The visually spectacular Watermark, a fresh collaboration between filmmakers Jennifer Baichwal and Edward Burtynsky that explores one of the world's most important and endangered resources, has won the $100,000 top prize from the Toronto Film Critics Association.

The critics group unveiled the documentary as the latest winner of the Rogers Best Canadian Film Award at a gala in downtown Toronto Tuesday evening.

"After Sarah Polley's Stories We Tell, this is the second year in a row we've voted to give our top Canadian prize to a documentary," TFCA president Brian D. Johnson said in a statement.

"Canada pioneered the doc genre, and Watermark shows we're still reinventing it. Burtysky and Baichwal have fused  photography and the moving image to take the documentary literally where it's never been before. They've forged an epic vision that combines mysterious beauty with devastating fact."

The film marks world-renowned photographer Burtynsky's directorial debut and his second collaboration with veteran documentary-maker Baichwal. Earlier, the pair won kudos for her film Manufactured  Landscapes, a portrait of the industrial world as captured through Burtynsky's lens.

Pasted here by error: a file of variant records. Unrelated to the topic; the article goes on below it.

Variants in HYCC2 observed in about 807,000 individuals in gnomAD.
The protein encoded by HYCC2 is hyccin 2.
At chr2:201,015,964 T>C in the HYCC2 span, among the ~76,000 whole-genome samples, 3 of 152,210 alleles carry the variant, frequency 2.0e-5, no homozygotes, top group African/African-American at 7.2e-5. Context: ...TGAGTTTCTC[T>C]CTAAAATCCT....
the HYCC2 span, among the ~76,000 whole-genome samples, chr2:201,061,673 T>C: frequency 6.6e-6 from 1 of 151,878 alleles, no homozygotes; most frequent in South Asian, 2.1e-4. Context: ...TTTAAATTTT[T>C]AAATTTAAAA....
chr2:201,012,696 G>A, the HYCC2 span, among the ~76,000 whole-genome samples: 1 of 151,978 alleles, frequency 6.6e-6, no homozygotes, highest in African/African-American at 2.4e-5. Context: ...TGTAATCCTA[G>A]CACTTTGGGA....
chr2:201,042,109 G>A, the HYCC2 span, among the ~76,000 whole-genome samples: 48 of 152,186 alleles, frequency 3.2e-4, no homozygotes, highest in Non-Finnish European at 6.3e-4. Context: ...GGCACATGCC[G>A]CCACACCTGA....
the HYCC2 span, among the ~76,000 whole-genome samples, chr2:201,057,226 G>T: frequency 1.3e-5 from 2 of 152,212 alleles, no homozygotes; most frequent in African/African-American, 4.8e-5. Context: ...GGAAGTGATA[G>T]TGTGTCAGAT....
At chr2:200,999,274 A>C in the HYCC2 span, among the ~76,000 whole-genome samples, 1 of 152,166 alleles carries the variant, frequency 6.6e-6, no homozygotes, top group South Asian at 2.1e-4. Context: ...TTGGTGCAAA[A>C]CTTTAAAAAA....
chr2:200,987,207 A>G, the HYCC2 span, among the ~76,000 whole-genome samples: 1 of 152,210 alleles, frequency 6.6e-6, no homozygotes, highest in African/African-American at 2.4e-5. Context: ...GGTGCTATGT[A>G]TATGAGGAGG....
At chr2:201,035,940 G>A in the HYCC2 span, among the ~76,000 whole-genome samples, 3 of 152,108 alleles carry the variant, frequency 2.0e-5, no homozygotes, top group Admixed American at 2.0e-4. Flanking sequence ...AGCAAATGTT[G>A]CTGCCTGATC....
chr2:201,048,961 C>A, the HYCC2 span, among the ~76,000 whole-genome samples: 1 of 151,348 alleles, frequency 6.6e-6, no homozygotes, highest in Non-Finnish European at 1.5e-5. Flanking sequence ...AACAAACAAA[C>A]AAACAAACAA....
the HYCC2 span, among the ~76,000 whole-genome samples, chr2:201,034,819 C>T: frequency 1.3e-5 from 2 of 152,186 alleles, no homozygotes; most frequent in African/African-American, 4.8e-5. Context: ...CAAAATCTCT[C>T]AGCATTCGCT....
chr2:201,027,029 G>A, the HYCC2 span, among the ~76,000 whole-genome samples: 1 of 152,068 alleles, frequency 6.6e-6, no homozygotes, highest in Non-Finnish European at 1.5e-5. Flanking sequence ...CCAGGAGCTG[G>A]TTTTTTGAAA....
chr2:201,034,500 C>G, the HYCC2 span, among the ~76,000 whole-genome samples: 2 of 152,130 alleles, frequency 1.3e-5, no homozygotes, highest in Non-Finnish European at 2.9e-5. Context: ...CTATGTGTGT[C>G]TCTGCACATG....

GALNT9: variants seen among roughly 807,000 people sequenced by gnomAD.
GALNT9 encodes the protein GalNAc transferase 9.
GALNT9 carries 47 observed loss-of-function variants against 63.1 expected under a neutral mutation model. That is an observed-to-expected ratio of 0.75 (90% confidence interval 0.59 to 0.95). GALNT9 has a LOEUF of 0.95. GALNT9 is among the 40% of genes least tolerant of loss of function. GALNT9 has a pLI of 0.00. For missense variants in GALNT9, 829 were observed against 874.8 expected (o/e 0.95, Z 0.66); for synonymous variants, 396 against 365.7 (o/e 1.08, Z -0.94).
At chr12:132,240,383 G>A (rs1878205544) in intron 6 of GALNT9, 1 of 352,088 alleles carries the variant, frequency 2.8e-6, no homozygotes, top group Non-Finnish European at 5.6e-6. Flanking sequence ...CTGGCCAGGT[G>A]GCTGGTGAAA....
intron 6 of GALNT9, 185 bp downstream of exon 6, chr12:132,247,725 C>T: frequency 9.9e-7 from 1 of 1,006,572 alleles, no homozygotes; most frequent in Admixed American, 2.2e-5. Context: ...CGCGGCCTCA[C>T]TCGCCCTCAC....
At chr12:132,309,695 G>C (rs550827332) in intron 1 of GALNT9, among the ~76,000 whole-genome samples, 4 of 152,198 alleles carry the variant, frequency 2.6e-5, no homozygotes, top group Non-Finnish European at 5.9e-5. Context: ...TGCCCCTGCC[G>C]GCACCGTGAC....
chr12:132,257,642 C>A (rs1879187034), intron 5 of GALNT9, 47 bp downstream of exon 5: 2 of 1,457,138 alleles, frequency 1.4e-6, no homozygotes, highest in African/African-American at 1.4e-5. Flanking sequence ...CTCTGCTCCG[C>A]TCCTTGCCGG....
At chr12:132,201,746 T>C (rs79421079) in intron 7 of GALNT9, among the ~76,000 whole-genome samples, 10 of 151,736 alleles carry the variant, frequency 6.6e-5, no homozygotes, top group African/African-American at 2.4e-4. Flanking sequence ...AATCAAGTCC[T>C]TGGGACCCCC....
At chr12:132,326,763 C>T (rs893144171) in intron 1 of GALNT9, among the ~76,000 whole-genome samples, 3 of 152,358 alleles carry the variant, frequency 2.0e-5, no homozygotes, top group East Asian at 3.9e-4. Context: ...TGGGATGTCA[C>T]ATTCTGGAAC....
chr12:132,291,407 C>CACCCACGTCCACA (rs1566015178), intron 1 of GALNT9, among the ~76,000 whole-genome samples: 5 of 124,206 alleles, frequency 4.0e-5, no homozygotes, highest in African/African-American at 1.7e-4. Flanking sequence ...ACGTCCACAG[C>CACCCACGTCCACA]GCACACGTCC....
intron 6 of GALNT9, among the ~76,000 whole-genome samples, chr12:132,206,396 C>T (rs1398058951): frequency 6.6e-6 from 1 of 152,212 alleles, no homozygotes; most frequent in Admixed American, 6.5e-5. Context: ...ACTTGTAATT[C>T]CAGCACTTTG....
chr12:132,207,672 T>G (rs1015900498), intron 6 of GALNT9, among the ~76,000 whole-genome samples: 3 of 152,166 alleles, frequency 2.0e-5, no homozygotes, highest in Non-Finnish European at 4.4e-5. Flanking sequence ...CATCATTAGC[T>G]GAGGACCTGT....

Watermark

In Watermark, filmmakers Edward Burtynsky and Jennifer Baichwal explore our relationship with water around the globe, including at China's massive Xiaolangdi Dam #1 in Henan Province. (Edward Burtynsky/Mongrel Media)

Watermark triumphed over two other contenders: the Louise Archambault drama Gabrielle, which was Canada's official submission for Oscar foreign-language film consideration, and The Dirties, a comedy-drama feature debut from Matt Johnson.

Range of winners celebrated

The evening event also paid tribute to previously announced winners in other categories, with host Jian Ghomeshi sharing messages from winners such as Joel and Ethan Coen, Alfonso Cuaron and Oscar Isaac.

Iconic Canadian filmmaker Norman Jewison, this year's winner of the Technicolor Clyde Gilmour Award, chose up-and-coming director Jeff Barnaby to receive the prize ($50,000 in film services).

Other awards presented include:

  • Jay Scott Prize for an emerging artist ($5,000): Matt Johnson, The Dirties.
  • Student Film Award ($5,000): Walter Woodman and Patrick Cederberg, Noah.
  • Allan King Documentary Award ($5,000): Joshua Oppenheimer, The Act of Killing.
  • Peter Wintonick Documentary Fund ($5,000): Mira Burt-Wintonick.

The TFCA Awards are presented annually in a host of categories. The group, established in 1997, comprises Toronto-based journalists and broadcasters who specialize in film criticism and commentary.